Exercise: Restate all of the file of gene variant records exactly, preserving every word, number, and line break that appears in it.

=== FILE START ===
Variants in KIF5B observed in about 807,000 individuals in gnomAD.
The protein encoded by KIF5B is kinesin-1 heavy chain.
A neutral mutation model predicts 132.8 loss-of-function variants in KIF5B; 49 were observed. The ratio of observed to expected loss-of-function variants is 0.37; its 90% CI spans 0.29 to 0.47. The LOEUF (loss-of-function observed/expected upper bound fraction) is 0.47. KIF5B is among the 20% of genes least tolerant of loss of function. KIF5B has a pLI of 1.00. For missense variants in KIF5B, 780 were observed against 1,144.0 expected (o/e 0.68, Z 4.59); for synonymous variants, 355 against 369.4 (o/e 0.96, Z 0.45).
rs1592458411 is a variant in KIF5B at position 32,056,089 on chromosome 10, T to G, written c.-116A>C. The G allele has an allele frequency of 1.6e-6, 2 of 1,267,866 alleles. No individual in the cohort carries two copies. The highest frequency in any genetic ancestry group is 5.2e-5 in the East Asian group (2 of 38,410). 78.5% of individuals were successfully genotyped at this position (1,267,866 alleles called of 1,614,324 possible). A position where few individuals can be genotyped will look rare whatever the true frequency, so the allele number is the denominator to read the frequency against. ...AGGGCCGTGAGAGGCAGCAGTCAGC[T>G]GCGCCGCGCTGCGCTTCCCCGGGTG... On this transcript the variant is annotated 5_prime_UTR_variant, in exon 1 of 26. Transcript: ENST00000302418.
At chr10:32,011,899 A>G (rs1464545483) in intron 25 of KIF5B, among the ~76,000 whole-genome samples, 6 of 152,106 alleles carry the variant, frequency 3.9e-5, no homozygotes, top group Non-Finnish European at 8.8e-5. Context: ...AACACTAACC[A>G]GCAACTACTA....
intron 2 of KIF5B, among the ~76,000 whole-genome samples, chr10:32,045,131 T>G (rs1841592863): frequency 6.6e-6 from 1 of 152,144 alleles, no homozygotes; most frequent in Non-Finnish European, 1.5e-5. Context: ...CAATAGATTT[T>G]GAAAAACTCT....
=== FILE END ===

Variants in KIF5B observed in about 807,000 individuals in gnomAD.
The protein encoded by KIF5B is kinesin-1 heavy chain.
A neutral mutation model predicts 132.8 loss-of-function variants in KIF5B; 49 were observed. The ratio of observed to expected loss-of-function variants is 0.37; its 90% CI spans 0.29 to 0.47. The LOEUF (loss-of-function observed/expected upper bound fraction) is 0.47. KIF5B is among the 20% of genes least tolerant of loss of function. KIF5B has a pLI of 1.00. For missense variants in KIF5B, 780 were observed against 1,144.0 expected (o/e 0.68, Z 4.59); for synonymous variants, 355 against 369.4 (o/e 0.96, Z 0.45).
rs1592458411 is a variant in KIF5B at position 32,056,089 on chromosome 10, T to G, written c.-116A>C. The G allele has an allele frequency of 1.6e-6, 2 of 1,267,866 alleles. No individual in the cohort carries two copies. The highest frequency in any genetic ancestry group is 5.2e-5 in the East Asian group (2 of 38,410). 78.5% of individuals were successfully genotyped at this position (1,267,866 alleles called of 1,614,324 possible). A position where few individuals can be genotyped will look rare whatever the true frequency, so the allele number is the denominator to read the frequency against. ...AGGGCCGTGAGAGGCAGCAGTCAGC[T>G]GCGCCGCGCTGCGCTTCCCCGGGTG... On this transcript the variant is annotated 5_prime_UTR_variant, in exon 1 of 26. Transcript: ENST00000302418.
At chr10:32,011,899 A>G (rs1464545483) in intron 25 of KIF5B, among the ~76,000 whole-genome samples, 6 of 152,106 alleles carry the variant, frequency 3.9e-5, no homozygotes, top group Non-Finnish European at 8.8e-5. Context: ...AACACTAACC[A>G]GCAACTACTA....
intron 2 of KIF5B, among the ~76,000 whole-genome samples, chr10:32,045,131 T>G (rs1841592863): frequency 6.6e-6 from 1 of 152,144 alleles, no homozygotes; most frequent in Non-Finnish European, 1.5e-5. Context: ...CAATAGATTT[T>G]GAAAAACTCT....